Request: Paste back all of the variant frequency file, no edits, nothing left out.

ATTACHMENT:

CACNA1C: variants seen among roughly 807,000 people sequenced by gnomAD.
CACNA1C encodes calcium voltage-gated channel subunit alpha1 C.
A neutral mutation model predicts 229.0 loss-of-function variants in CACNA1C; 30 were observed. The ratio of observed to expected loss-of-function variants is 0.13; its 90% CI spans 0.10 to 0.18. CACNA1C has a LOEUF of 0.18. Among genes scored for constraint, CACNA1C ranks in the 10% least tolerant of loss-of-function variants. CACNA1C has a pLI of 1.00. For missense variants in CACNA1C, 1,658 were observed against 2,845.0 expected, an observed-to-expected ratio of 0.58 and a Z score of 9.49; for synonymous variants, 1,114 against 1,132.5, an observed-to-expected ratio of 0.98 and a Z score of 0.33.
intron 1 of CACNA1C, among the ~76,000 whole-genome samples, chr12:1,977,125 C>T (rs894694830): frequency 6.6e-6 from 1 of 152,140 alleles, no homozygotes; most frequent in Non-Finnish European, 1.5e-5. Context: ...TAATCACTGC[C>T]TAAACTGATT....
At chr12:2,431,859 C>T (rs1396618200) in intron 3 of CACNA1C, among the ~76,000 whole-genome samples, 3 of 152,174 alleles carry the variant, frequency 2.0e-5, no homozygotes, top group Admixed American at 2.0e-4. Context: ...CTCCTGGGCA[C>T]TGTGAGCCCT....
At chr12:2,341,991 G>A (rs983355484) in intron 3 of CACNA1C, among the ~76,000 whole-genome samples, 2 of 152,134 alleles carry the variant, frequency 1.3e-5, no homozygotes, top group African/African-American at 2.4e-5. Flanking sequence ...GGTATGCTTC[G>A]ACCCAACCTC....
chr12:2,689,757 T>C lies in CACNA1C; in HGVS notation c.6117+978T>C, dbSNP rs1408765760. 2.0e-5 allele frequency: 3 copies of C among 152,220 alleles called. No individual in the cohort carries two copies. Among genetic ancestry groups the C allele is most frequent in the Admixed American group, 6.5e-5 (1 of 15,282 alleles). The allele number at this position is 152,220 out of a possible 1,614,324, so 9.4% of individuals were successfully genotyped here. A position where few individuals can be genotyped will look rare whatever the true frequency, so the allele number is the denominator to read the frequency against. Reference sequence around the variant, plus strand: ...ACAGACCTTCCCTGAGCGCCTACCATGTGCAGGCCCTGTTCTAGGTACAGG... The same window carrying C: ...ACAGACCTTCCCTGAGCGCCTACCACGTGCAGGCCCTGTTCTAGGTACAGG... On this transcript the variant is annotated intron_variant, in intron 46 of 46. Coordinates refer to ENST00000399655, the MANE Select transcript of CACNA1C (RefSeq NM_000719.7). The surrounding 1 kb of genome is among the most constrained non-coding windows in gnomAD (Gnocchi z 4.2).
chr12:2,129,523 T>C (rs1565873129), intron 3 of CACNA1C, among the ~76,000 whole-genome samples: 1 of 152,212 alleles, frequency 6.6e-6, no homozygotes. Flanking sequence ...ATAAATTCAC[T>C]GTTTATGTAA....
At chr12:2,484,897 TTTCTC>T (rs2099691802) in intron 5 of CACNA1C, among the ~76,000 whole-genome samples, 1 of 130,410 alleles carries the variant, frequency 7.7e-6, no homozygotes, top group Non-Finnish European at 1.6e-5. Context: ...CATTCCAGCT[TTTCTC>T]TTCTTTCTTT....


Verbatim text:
CACNA1C: variants seen among roughly 807,000 people sequenced by gnomAD.
CACNA1C encodes calcium voltage-gated channel subunit alpha1 C.
A neutral mutation model predicts 229.0 loss-of-function variants in CACNA1C; 30 were observed. The ratio of observed to expected loss-of-function variants is 0.13; its 90% CI spans 0.10 to 0.18. CACNA1C has a LOEUF of 0.18. Among genes scored for constraint, CACNA1C ranks in the 10% least tolerant of loss-of-function variants. CACNA1C has a pLI of 1.00. For missense variants in CACNA1C, 1,658 were observed against 2,845.0 expected, an observed-to-expected ratio of 0.58 and a Z score of 9.49; for synonymous variants, 1,114 against 1,132.5, an observed-to-expected ratio of 0.98 and a Z score of 0.33.
intron 1 of CACNA1C, among the ~76,000 whole-genome samples, chr12:1,977,125 C>T (rs894694830): frequency 6.6e-6 from 1 of 152,140 alleles, no homozygotes; most frequent in Non-Finnish European, 1.5e-5. Context: ...TAATCACTGC[C>T]TAAACTGATT....
At chr12:2,431,859 C>T (rs1396618200) in intron 3 of CACNA1C, among the ~76,000 whole-genome samples, 3 of 152,174 alleles carry the variant, frequency 2.0e-5, no homozygotes, top group Admixed American at 2.0e-4. Context: ...CTCCTGGGCA[C>T]TGTGAGCCCT....
At chr12:2,341,991 G>A (rs983355484) in intron 3 of CACNA1C, among the ~76,000 whole-genome samples, 2 of 152,134 alleles carry the variant, frequency 1.3e-5, no homozygotes, top group African/African-American at 2.4e-5. Flanking sequence ...GGTATGCTTC[G>A]ACCCAACCTC....
chr12:2,689,757 T>C lies in CACNA1C; in HGVS notation c.6117+978T>C, dbSNP rs1408765760. 2.0e-5 allele frequency: 3 copies of C among 152,220 alleles called. No individual in the cohort carries two copies. Among genetic ancestry groups the C allele is most frequent in the Admixed American group, 6.5e-5 (1 of 15,282 alleles). The allele number at this position is 152,220 out of a possible 1,614,324, so 9.4% of individuals were successfully genotyped here. A position where few individuals can be genotyped will look rare whatever the true frequency, so the allele number is the denominator to read the frequency against. Reference sequence around the variant, plus strand: ...ACAGACCTTCCCTGAGCGCCTACCATGTGCAGGCCCTGTTCTAGGTACAGG... The same window carrying C: ...ACAGACCTTCCCTGAGCGCCTACCACGTGCAGGCCCTGTTCTAGGTACAGG... On this transcript the variant is annotated intron_variant, in intron 46 of 46. Coordinates refer to ENST00000399655, the MANE Select transcript of CACNA1C (RefSeq NM_000719.7). The surrounding 1 kb of genome is among the most constrained non-coding windows in gnomAD (Gnocchi z 4.2).
chr12:2,129,523 T>C (rs1565873129), intron 3 of CACNA1C, among the ~76,000 whole-genome samples: 1 of 152,212 alleles, frequency 6.6e-6, no homozygotes. Flanking sequence ...ATAAATTCAC[T>C]GTTTATGTAA....
At chr12:2,484,897 TTTCTC>T (rs2099691802) in intron 5 of CACNA1C, among the ~76,000 whole-genome samples, 1 of 130,410 alleles carries the variant, frequency 7.7e-6, no homozygotes, top group Non-Finnish European at 1.6e-5. Context: ...CATTCCAGCT[TTTCTC>T]TTCTTTCTTT....